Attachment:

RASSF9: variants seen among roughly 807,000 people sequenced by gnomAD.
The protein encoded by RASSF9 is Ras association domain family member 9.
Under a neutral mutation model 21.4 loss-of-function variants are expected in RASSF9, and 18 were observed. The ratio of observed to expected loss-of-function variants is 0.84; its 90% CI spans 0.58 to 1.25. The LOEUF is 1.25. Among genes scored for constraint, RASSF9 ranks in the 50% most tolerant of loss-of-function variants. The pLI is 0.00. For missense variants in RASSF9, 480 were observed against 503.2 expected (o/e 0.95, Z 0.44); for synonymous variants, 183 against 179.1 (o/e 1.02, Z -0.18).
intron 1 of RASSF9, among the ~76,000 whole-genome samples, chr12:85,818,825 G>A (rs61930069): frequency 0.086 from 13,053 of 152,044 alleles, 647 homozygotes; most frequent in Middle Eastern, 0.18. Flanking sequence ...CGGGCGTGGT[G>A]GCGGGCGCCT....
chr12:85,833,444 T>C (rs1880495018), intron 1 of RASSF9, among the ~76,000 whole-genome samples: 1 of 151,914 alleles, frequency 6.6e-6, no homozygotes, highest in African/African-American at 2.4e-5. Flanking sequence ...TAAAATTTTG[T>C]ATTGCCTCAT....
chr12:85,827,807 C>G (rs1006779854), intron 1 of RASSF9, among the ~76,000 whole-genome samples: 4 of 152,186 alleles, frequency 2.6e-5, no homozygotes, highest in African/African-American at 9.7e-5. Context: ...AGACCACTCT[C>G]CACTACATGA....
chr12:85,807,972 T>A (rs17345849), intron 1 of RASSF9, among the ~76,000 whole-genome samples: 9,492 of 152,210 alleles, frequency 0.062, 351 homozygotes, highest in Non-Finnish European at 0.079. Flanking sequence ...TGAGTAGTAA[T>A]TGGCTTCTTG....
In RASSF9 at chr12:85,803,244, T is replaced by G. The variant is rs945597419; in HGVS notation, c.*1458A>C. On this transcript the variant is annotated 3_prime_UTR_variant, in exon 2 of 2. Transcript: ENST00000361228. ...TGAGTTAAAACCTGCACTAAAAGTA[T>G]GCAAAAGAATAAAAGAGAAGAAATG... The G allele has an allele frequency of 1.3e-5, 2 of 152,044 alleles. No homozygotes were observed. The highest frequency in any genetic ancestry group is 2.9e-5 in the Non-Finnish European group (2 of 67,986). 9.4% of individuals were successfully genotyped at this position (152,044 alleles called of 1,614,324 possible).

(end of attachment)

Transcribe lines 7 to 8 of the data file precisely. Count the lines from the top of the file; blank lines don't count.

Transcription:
chr12:85,807,972 T>A (rs17345849), intron 1 of RASSF9, among the ~76,000 whole-genome samples: 9,492 of 152,210 alleles, frequency 0.062, 351 homozygotes, highest in Non-Finnish European at 0.079. Flanking sequence ...TGAGTAGTAA[T>A]TGGCTTCTTG....
In RASSF9 at chr12:85,803,244, T is replaced by G. The variant is rs945597419; in HGVS notation, c.*1458A>C. On this transcript the variant is annotated 3_prime_UTR_variant, in exon 2 of 2. Transcript: ENST00000361228. ...TGAGTTAAAACCTGCACTAAAAGTA[T>G]GCAAAAGAATAAAAGAGAAGAAATG... The G allele has an allele frequency of 1.3e-5, 2 of 152,044 alleles. No homozygotes were observed. The highest frequency in any genetic ancestry group is 2.9e-5 in the Non-Finnish European group (2 of 67,986). 9.4% of individuals were successfully genotyped at this position (152,044 alleles called of 1,614,324 possible).